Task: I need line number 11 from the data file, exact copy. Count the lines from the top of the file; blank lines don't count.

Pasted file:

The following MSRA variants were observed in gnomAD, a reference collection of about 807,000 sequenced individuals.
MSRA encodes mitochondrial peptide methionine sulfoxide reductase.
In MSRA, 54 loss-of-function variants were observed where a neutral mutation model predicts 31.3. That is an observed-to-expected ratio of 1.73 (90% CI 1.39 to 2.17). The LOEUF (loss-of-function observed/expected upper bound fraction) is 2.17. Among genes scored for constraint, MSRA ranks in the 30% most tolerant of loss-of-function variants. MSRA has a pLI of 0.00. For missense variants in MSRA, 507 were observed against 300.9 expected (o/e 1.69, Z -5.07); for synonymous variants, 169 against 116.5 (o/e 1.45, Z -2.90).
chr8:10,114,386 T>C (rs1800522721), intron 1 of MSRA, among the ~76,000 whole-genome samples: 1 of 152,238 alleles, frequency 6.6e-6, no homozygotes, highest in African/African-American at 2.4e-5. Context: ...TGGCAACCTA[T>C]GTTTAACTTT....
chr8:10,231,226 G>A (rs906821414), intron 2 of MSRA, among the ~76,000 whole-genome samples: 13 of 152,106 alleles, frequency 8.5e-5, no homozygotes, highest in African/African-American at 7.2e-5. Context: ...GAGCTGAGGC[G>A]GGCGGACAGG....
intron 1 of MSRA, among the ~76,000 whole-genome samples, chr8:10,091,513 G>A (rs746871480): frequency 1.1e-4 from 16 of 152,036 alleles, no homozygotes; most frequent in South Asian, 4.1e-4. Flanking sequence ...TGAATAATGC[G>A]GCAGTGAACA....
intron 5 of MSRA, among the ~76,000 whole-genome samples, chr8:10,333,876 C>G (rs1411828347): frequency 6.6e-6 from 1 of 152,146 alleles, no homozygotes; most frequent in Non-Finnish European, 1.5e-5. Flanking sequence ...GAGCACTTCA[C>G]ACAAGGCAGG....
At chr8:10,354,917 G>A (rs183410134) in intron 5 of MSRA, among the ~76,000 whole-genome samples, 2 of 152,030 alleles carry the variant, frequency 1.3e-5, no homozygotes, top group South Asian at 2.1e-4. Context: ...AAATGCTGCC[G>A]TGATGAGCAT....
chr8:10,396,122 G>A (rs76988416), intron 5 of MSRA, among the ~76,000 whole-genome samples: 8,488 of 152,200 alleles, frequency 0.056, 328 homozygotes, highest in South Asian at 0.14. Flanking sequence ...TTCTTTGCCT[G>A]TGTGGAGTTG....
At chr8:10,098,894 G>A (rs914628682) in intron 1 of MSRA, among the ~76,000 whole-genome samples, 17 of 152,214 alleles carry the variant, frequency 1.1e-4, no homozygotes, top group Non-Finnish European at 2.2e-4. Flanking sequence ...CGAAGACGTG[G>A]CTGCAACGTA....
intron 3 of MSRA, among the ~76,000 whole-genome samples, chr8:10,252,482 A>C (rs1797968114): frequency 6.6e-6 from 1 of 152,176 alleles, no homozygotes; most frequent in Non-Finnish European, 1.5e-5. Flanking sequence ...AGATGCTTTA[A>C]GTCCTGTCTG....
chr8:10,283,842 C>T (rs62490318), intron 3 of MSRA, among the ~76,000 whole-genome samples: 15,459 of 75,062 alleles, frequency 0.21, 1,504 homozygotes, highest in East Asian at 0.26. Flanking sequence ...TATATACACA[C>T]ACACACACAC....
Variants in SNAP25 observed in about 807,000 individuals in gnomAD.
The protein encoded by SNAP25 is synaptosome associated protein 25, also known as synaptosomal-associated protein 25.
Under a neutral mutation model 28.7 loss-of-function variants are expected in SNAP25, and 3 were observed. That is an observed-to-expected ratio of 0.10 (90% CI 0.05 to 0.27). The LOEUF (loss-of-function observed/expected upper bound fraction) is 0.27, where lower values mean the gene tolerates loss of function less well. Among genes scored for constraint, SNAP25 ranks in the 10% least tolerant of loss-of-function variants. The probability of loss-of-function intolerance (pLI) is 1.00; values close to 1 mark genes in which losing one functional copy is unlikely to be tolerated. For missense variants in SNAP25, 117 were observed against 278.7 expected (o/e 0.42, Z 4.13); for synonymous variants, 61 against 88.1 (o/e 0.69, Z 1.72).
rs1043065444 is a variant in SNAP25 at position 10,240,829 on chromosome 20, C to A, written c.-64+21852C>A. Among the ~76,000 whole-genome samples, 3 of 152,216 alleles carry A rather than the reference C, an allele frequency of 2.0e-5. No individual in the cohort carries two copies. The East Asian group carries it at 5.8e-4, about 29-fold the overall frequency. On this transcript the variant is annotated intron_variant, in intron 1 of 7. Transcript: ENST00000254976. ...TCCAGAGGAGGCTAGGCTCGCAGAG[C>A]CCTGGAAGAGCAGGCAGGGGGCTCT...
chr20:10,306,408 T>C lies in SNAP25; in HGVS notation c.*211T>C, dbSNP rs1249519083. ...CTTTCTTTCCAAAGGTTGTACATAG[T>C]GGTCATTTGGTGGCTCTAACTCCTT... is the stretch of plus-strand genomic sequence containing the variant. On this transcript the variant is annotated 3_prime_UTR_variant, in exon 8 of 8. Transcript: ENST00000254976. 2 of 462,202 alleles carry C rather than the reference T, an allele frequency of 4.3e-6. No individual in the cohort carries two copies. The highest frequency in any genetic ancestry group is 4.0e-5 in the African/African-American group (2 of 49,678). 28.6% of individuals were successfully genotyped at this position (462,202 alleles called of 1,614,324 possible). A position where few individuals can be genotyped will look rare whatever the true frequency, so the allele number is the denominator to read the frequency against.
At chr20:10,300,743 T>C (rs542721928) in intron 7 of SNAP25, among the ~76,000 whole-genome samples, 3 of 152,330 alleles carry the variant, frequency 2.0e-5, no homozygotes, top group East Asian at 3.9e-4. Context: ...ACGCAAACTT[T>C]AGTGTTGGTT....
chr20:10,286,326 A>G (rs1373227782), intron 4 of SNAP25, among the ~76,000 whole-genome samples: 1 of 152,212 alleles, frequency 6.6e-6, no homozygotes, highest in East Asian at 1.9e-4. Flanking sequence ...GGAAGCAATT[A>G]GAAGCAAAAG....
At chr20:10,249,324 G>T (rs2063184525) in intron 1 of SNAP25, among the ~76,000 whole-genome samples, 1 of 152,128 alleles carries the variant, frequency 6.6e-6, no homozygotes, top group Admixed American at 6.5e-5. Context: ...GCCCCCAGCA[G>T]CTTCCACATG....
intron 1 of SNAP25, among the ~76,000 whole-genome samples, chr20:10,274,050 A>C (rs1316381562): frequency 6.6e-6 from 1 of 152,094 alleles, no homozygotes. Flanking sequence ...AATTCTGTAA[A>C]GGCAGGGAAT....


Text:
intron 3 of MSRA, among the ~76,000 whole-genome samples, chr8:10,252,482 A>C (rs1797968114): frequency 6.6e-6 from 1 of 152,176 alleles, no homozygotes; most frequent in Non-Finnish European, 1.5e-5. Flanking sequence ...AGATGCTTTA[A>C]GTCCTGTCTG....